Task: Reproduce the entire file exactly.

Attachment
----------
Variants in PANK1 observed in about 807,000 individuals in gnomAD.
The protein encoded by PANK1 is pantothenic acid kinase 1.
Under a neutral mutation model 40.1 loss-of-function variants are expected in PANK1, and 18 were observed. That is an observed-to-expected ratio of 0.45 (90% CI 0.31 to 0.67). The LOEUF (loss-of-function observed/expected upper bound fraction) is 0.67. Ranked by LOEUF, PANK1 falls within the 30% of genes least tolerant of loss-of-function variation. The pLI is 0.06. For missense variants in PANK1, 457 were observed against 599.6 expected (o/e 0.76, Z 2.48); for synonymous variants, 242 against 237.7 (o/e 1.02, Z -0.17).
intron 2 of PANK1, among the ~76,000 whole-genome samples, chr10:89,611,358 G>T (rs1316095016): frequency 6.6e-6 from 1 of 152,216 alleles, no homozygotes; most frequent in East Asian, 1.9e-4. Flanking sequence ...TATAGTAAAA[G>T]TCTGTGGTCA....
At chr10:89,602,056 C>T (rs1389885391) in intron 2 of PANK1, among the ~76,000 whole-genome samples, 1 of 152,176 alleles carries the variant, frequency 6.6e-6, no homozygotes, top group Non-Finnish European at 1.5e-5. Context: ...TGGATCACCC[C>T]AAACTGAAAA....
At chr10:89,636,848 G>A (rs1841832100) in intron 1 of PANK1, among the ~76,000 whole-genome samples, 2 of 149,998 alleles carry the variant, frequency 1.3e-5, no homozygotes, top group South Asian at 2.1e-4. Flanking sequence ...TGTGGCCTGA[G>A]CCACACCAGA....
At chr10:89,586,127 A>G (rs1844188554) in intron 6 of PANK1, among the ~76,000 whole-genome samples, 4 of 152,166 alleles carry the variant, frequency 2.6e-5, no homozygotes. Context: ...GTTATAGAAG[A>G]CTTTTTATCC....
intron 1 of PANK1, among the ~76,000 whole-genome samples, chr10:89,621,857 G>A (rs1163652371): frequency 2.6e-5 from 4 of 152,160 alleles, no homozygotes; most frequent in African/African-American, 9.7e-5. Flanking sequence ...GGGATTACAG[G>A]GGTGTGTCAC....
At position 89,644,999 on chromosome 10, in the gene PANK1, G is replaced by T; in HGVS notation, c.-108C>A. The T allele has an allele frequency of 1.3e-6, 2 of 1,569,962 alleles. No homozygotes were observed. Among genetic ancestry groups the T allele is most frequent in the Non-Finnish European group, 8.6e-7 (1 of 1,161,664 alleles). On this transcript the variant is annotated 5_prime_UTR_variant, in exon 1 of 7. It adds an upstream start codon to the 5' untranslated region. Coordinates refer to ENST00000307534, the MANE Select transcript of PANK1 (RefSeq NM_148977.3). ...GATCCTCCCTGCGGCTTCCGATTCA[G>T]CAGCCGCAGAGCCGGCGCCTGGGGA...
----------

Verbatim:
Variants in PANK1 observed in about 807,000 individuals in gnomAD.
The protein encoded by PANK1 is pantothenic acid kinase 1.
Under a neutral mutation model 40.1 loss-of-function variants are expected in PANK1, and 18 were observed. That is an observed-to-expected ratio of 0.45 (90% CI 0.31 to 0.67). The LOEUF (loss-of-function observed/expected upper bound fraction) is 0.67. Ranked by LOEUF, PANK1 falls within the 30% of genes least tolerant of loss-of-function variation. The pLI is 0.06. For missense variants in PANK1, 457 were observed against 599.6 expected (o/e 0.76, Z 2.48); for synonymous variants, 242 against 237.7 (o/e 1.02, Z -0.17).
intron 2 of PANK1, among the ~76,000 whole-genome samples, chr10:89,611,358 G>T (rs1316095016): frequency 6.6e-6 from 1 of 152,216 alleles, no homozygotes; most frequent in East Asian, 1.9e-4. Flanking sequence ...TATAGTAAAA[G>T]TCTGTGGTCA....
At chr10:89,602,056 C>T (rs1389885391) in intron 2 of PANK1, among the ~76,000 whole-genome samples, 1 of 152,176 alleles carries the variant, frequency 6.6e-6, no homozygotes, top group Non-Finnish European at 1.5e-5. Context: ...TGGATCACCC[C>T]AAACTGAAAA....
At chr10:89,636,848 G>A (rs1841832100) in intron 1 of PANK1, among the ~76,000 whole-genome samples, 2 of 149,998 alleles carry the variant, frequency 1.3e-5, no homozygotes, top group South Asian at 2.1e-4. Flanking sequence ...TGTGGCCTGA[G>A]CCACACCAGA....
At chr10:89,586,127 A>G (rs1844188554) in intron 6 of PANK1, among the ~76,000 whole-genome samples, 4 of 152,166 alleles carry the variant, frequency 2.6e-5, no homozygotes. Context: ...GTTATAGAAG[A>G]CTTTTTATCC....
intron 1 of PANK1, among the ~76,000 whole-genome samples, chr10:89,621,857 G>A (rs1163652371): frequency 2.6e-5 from 4 of 152,160 alleles, no homozygotes; most frequent in African/African-American, 9.7e-5. Flanking sequence ...GGGATTACAG[G>A]GGTGTGTCAC....
At position 89,644,999 on chromosome 10, in the gene PANK1, G is replaced by T; in HGVS notation, c.-108C>A. The T allele has an allele frequency of 1.3e-6, 2 of 1,569,962 alleles. No homozygotes were observed. Among genetic ancestry groups the T allele is most frequent in the Non-Finnish European group, 8.6e-7 (1 of 1,161,664 alleles). On this transcript the variant is annotated 5_prime_UTR_variant, in exon 1 of 7. It adds an upstream start codon to the 5' untranslated region. Coordinates refer to ENST00000307534, the MANE Select transcript of PANK1 (RefSeq NM_148977.3). ...GATCCTCCCTGCGGCTTCCGATTCA[G>T]CAGCCGCAGAGCCGGCGCCTGGGGA...